Political illiteracy, misguided by ideology, is the core of the problem. When they look at the world, Left and Right in America today both see several billion people who are either very much like us, or want to become just like us as soon as possible. This, of course, is the WEIRD conceit I’ve discussed before, and it seems to be second nature to Americans in 2014. The only real difference is how we want to help the world to become just like us. While the Right prefers using American capitalism with periodic injections of UAVs and TLAMs – drones and cruise missiles, that is – the Left likes employing “values,” which in most places boils down to dispatching platoons of activists pushing present-day American views on race, gender, and sexuality. It seldom occurs to either Left or Right that both approaches generate considerable push-back around the world. My family is more European than American, and over the past decade, I’ve watched many of them transition from strong support of America in the world to various forms of discomfort and worse, thanks to policies enacted by Washington, DC. And if Europeans, who share enormous political, cultural, and historical ties with the United States, feel this way, you can imagine what poorer countries around the world, who have much less ability to tone down U.S. policies they dislike than Europeans do, must feel.
To many people on our planet, the USA in 2014 looks like a broken society pushing itself on others, often aggressively. While this depiction sounds ridiculous to most Americans, we must understand that is widely held by billions of people over the globe, including by many who are not congenitally anti-American. We cannot see this because we believe our ideologies so deeply that we never question their basic assumptions, Left or Right. One of the best things about getting out of the country is noting how, from abroad, the political divisions at home that seem so powerful appear trifling to foreigners, who note that beneath the Left and Right talking points there lie surprisingly common views of the world and America’s supposed place in it.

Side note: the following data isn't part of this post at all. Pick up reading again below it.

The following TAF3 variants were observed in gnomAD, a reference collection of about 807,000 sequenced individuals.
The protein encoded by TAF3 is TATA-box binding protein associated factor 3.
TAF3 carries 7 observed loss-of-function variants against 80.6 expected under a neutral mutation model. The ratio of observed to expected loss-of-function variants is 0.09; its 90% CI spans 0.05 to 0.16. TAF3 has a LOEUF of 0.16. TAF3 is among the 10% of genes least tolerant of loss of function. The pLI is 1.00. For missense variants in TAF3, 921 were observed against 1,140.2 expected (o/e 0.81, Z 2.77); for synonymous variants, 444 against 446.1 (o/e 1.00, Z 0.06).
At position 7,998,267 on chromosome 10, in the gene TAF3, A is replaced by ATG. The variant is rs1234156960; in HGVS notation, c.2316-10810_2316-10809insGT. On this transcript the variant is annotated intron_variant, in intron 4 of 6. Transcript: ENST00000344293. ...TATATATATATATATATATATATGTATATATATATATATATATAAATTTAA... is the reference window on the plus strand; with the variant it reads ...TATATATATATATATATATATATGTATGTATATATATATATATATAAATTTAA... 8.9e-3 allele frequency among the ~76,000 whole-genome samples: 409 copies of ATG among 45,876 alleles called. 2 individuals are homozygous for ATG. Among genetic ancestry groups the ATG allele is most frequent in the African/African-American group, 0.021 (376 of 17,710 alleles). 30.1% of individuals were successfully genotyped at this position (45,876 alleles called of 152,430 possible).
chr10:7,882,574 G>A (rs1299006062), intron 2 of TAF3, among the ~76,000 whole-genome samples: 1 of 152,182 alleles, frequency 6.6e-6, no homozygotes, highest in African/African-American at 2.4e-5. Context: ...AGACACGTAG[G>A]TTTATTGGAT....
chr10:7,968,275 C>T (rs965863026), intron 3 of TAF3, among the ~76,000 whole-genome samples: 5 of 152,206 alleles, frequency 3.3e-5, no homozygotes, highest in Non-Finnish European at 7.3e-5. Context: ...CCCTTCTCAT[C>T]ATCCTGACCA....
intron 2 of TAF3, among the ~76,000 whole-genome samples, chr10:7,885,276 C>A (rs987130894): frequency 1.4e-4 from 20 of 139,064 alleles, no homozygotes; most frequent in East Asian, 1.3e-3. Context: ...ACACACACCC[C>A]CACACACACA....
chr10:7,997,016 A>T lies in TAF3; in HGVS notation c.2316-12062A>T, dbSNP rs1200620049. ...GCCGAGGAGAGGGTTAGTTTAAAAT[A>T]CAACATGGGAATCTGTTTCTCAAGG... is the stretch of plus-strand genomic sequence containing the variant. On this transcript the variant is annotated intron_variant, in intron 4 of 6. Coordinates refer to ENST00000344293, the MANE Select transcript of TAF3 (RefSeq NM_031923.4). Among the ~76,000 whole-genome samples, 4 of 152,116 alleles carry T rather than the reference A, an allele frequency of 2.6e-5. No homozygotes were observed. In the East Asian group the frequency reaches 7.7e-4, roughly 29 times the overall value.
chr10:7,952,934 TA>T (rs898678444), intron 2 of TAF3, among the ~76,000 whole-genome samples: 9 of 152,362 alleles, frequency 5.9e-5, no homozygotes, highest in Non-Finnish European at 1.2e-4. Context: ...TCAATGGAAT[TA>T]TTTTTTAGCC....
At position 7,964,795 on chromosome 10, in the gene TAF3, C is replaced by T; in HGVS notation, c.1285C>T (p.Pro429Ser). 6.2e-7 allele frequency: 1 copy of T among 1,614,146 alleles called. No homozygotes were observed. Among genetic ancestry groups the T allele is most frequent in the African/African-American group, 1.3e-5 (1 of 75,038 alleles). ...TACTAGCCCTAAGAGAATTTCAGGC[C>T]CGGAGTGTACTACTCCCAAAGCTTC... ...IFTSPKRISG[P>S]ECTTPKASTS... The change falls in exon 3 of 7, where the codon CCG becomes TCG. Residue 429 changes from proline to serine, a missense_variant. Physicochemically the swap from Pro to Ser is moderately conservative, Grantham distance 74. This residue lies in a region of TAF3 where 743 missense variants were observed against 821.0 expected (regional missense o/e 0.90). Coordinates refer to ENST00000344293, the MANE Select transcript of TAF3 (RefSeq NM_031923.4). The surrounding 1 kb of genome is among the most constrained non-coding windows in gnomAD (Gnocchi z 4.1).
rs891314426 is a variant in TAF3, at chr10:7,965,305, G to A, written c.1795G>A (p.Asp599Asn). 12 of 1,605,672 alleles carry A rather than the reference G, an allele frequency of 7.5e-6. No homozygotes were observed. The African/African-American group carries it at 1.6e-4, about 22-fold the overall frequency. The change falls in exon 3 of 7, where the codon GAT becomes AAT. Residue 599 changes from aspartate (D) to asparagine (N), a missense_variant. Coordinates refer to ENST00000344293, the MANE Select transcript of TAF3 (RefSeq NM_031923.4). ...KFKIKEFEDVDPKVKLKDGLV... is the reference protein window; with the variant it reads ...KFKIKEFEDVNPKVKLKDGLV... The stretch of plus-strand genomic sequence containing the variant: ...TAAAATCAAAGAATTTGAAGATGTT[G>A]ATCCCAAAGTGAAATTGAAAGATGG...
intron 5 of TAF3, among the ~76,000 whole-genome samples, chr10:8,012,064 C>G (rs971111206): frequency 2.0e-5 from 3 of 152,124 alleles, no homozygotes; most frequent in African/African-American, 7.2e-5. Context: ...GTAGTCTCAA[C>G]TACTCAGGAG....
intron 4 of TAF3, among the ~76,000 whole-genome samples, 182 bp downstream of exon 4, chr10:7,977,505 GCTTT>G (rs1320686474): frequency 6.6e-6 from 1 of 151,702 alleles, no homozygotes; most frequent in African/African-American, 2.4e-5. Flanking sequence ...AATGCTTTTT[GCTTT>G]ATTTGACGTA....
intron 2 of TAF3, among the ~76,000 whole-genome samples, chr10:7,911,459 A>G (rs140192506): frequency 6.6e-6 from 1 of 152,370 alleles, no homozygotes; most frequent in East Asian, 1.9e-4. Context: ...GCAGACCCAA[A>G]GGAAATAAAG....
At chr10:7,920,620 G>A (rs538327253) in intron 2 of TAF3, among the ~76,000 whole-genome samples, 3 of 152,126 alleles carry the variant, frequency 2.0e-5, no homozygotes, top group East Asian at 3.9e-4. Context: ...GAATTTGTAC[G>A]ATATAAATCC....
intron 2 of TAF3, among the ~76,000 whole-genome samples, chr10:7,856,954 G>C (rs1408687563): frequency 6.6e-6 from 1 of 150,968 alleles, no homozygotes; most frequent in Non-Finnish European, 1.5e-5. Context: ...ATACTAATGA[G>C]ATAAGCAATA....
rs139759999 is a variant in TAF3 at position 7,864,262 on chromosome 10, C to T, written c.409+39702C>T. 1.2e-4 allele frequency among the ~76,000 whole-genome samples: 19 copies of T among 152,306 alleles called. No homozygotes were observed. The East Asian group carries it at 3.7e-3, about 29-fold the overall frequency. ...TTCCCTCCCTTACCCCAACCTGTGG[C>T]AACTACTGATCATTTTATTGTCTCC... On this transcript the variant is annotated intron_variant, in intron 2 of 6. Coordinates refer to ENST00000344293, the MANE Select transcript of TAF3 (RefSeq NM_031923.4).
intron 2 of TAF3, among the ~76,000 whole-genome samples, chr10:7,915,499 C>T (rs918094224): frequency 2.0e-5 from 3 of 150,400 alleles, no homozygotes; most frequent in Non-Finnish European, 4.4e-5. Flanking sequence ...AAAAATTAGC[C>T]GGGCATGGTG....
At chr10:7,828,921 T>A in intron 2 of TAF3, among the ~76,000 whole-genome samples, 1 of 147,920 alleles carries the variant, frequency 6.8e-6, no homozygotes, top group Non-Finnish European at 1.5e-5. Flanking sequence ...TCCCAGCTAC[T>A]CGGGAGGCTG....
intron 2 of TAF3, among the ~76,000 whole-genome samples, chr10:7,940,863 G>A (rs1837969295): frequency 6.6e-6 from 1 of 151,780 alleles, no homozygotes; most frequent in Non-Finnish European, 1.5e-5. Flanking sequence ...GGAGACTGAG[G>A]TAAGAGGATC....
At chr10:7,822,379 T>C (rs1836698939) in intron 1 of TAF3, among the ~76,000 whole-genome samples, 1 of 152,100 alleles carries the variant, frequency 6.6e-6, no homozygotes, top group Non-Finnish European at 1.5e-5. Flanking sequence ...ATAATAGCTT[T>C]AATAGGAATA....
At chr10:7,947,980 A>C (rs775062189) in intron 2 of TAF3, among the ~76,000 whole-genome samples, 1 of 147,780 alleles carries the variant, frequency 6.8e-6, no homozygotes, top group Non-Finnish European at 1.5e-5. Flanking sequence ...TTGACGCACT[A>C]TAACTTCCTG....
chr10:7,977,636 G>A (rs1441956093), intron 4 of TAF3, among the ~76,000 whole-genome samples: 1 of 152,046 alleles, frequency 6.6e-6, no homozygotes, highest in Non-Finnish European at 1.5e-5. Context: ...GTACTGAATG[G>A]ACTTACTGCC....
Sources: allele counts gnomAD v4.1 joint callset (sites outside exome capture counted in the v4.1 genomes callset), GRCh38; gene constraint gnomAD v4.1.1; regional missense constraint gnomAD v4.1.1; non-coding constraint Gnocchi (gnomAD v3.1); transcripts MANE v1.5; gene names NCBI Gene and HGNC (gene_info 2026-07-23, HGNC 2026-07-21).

If you want to be a serious student of strategy, you need to see the world as it actually is, not how we might wish it to be. A reality-based assessment of all players, including yourself, must be the first step in developing effective strategy and policy. That is always a challenging undertaking, yet ideological blinders make it far harder than it ought to be. If you cannot get out of the country, read more. Talk to foreigners, see the world through their eyes for a bit. Get out of your comfort zone. If you think either FoxNews or MSNBC has a monopoly on truth, you need to diversify your mind. If you believe the flaws in our foreign policy can be explained by just one word, and that word is either “Bush” or “Obama,” you’re part of the problem. The decade ahead will determine whether our planet can transition from waning American hegemony to a peaceful multipolar world – or not. American military power will remain important, particularly to deter troublemakers, but it must be used judiciously, as our top brass well know, while how Washington, DC, interacts with foreigners in all domains – political, economic, social, not just military – will determine our place in that emerging multipolar world. Letting our ideologies blind us in domestic matters has serious consequences for America, but refusing to see the world as it actually is endangers far more than our domestic tranquility.